North Carolina Bar reinstates Mike Easley's law license

ablythe@newsobserver.comFebruary 4, 2013 


Former Gov. Mike Easley appears before a hearing at the Wake County Courthouse in Raleigh, NC, on Tuesday, Nov. 23, 2010, where he plead guilty to one felony charge, ending a long-running state and federal investigation into his actions while he was in office.


— Former Gov. Mike Easley has a license to practice law again.

The two-term Democratic governor, convicted in 2010 of a felonious campaign finance violation, had the license reinstated by the N.C. State Bar on Monday.

Easley, 62, gave up his law license after entering a plea arrangement with prosecutors.

In November 2010, the former governor and state attorney general entered an Alford plea, meaning he agreed there was enough evidence to convict him of not listing a 2006 helicopter flight, valued at $1,600, on campaign finance reports. But he did not acknowledge guilt in the conviction.

The plea in Wake County Superior Court ended state and federal investigations that began shortly after Easley left office in 2009.

The State Bar formally suspended Easley’s license through December 2012, saying that Easley had expressed remorse and accepted responsibility for his actions and for his campaign.

Easley is the first governor in the state to be convicted of a felony, which was tied to not reporting in campaign disclosures a helicopter flight provided by former N.C. State University Board of Trustees Chairman McQueen Campbell.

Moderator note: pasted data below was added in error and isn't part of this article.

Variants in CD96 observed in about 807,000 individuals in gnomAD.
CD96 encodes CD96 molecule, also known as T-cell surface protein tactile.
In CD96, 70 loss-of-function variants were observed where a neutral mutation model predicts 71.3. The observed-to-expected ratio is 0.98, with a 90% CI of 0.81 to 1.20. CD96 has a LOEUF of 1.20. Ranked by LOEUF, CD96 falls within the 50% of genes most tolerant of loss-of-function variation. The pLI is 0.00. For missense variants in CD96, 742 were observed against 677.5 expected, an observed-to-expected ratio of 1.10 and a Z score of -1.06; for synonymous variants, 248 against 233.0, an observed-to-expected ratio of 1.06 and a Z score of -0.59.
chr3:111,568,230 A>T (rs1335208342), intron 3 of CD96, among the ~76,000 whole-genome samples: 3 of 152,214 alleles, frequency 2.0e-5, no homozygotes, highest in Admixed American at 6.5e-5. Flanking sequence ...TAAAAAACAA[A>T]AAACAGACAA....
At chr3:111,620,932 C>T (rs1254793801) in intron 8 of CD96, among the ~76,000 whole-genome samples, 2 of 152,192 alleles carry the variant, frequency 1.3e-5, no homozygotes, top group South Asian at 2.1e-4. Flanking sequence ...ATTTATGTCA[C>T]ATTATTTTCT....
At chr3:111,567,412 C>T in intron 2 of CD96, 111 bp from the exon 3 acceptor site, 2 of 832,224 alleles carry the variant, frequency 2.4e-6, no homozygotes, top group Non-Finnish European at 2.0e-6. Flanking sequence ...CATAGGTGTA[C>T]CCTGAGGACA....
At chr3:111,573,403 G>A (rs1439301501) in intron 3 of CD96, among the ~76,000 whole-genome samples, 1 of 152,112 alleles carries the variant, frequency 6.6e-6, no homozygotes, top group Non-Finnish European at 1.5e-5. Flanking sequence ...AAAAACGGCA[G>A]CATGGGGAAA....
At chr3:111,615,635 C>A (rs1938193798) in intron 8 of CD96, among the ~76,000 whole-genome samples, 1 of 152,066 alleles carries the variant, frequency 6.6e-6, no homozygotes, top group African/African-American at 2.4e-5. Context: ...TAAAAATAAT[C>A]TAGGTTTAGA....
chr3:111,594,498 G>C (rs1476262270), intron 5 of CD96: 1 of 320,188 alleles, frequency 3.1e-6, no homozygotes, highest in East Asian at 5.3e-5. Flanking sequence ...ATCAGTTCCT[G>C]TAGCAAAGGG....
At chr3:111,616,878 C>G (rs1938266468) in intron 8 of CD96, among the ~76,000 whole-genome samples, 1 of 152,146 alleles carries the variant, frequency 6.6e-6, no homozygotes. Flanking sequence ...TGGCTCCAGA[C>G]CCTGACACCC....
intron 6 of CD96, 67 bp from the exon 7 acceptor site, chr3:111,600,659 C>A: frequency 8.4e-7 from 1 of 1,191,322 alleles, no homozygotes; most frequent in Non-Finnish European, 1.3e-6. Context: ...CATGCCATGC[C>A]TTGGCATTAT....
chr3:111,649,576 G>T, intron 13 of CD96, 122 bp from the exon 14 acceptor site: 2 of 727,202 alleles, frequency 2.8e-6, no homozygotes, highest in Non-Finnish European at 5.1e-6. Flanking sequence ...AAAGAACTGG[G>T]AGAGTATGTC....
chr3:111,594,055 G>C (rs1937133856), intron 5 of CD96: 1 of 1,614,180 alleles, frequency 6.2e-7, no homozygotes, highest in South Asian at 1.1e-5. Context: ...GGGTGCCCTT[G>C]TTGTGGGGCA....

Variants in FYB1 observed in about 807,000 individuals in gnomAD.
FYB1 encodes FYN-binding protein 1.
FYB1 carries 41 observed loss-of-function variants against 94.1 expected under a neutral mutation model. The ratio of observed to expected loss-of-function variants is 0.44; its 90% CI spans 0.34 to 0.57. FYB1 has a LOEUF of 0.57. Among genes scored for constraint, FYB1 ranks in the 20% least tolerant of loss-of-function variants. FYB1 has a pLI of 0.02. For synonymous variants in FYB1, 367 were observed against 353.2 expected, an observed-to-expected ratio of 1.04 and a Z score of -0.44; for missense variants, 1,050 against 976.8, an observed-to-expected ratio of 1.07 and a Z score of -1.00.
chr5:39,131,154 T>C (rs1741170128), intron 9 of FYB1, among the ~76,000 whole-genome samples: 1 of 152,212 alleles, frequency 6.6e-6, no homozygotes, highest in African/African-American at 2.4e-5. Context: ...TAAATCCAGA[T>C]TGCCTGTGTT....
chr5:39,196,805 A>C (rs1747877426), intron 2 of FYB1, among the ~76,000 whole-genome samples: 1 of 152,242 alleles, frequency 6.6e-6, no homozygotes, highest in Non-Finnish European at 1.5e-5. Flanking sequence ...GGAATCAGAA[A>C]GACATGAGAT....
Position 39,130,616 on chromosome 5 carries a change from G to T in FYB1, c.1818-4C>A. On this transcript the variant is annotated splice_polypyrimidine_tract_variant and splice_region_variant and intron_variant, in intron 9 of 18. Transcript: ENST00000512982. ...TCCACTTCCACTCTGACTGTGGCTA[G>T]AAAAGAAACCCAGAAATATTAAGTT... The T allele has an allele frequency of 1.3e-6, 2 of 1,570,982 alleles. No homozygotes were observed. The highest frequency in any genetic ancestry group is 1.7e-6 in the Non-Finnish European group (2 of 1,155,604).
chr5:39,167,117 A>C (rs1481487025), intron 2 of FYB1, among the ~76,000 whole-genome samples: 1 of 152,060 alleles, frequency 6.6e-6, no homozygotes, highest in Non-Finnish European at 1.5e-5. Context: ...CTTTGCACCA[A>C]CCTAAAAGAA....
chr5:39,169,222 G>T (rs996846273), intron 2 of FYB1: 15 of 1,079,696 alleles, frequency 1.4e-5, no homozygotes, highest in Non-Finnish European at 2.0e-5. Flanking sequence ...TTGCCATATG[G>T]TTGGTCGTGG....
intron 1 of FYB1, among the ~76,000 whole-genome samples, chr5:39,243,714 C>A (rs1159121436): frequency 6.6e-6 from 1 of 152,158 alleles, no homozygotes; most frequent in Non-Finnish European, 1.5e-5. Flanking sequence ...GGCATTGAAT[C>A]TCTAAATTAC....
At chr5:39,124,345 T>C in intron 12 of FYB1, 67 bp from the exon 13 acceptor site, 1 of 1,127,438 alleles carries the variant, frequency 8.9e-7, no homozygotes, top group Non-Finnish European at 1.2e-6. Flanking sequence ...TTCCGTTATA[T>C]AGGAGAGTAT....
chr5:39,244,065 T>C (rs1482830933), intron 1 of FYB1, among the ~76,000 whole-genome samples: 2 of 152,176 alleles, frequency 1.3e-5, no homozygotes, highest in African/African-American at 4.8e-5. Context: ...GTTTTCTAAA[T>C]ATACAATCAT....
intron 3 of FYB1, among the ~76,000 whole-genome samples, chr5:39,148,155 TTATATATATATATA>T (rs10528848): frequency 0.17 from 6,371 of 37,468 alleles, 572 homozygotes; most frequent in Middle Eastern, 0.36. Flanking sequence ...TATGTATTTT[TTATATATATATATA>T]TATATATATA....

Easley was fined $1,000 as part of the plea and did not receive any jail time for the low-level felony.

Under North Carolina’s law license process, Easley had to petition the bar to have his license reinstated. He did so on Jan. 4.

The nine-paragraph order, signed by Thomas Lunsford, secretary of the Bar, and issued on Tuesday, stated that Easley had complied with the requirements of his suspension and provided supporting documentation.

Efforts to reach Alan Schneider, the Raleigh lawyer representing Easley, were unsuccessful.

Schneider has previously said that Easley has integrity and character, and served the state with grace and honor, and that “it is time to put this matter behind us and allow Governor Easley to move on with his life.”

Easley said in 2008, his last year in office, that he had looked forward to practicing law with his son, Michael Jr.

Staff Writer J. Andrew Curliss contributed to this report.

Blythe: 919-836-4948

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